Date of Award

Spring 2018

Document Type


Degree Name

Doctor of Philosophy (PhD)


STEM Education & Professional Studies

Committee Director

Jill E. Stefaniak

Committee Member

John Baaki

Committee Member

Tammi Dice


Social workers encounter ethics related challenges on a daily basis. These real-world problems are incredibly complex and can produce intense emotional reactions. The use of ill-structured case examples as an instructional strategy to teach ethical lessons is well-supported in the literature, however, case examples often lack an emotional or affective component. Given the importance of crafting cases for learners, more research is needed to better understand how to construct and present case examples to enhance learning outcomes, specifically related to the influence of emotive content. This study was conducted to assess the effect of emotive content on knowledge acquisition and ethical sense making.

The current study employed a posttest only control group design. Emotive content was defined as information related to the character’s emotional reactions or feelings, background, beliefs, physical appearance, and/or goal focus of the character. The ethical dilemma involved the use of social media between a teenage client and student intern at a family service agency.

Study materials were placed inside plain packets, each having a unique identification number. The first packet contained the case example and open ended question prompts. The second packet contained the knowledge acquisition questions and demographic related questions. Participants were not permitted to access the first packet while completing the second packet. All questions were presented in a fixed order.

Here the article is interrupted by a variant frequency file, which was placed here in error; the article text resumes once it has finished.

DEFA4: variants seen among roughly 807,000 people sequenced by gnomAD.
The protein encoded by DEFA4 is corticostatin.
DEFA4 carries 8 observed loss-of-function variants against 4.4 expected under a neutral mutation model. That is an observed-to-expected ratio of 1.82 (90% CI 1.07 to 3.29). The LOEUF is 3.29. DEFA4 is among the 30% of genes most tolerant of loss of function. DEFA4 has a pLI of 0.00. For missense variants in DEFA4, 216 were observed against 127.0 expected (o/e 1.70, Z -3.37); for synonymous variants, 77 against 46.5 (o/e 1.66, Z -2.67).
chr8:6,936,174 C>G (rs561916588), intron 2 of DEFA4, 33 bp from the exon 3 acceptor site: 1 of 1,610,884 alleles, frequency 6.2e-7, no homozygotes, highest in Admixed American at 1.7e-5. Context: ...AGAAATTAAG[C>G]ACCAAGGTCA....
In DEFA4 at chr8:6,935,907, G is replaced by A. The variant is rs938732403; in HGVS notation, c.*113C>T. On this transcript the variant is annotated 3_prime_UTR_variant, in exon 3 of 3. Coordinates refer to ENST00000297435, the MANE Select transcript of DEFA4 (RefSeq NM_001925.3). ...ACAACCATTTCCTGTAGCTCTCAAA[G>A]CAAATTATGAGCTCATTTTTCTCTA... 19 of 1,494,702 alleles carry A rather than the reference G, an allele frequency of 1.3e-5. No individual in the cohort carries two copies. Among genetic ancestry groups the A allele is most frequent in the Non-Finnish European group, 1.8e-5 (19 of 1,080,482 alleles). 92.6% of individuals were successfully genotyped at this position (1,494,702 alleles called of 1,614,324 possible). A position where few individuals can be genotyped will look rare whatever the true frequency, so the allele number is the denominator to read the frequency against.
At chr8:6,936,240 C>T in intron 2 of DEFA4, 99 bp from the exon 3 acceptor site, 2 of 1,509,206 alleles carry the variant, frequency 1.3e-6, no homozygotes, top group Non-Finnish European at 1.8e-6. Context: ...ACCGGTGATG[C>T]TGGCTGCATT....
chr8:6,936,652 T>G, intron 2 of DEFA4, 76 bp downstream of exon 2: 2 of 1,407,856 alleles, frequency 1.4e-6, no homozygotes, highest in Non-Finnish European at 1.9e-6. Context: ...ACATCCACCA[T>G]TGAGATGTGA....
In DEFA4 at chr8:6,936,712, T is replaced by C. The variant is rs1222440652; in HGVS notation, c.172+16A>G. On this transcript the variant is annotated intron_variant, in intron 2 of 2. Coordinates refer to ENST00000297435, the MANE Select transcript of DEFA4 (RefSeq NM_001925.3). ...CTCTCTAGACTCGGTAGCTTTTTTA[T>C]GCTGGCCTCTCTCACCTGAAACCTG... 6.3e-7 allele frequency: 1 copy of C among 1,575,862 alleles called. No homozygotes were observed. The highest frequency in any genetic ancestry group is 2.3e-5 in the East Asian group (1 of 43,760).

Participants were graduate level Master of Social Work students at a university on the coastal U.S. In total, 71 students participated in the study. The emotive group (n = 37) was comprised of 32 women and five men. The non-emotive group (n = 34) was comprised of 30 women and four men. The mean age for student participants was 29.63 (SD = 8.37). There were no statistically significant differences between the two groups. An independent samples t-test indicated that scores were significantly higher for the non-emotive group (M = 4.91, SD = .96) than the emotive group (M = 4.40, SD = .96), t(69), = -2.22, p = .030, d = .53. An independent samples t-test indicated that scores were significantly higher for students in a field placement (M = 4.77), SD = .96) than students not in a field placement (M = 4.23, SD = .97), t(69) = 2.02, p = .047, d = 0.56. No differences were found between the emotive and non-emotive groups in ethical sense making scores or feelings toward the main characters.

Results contribute the growing body of literature regarding the effect of emotion in processing and manipulating complex information. The results suggest that the addition of emotive content to a case example may distract or overwhelm learners. Case examples should be constructed using clear and simple information.


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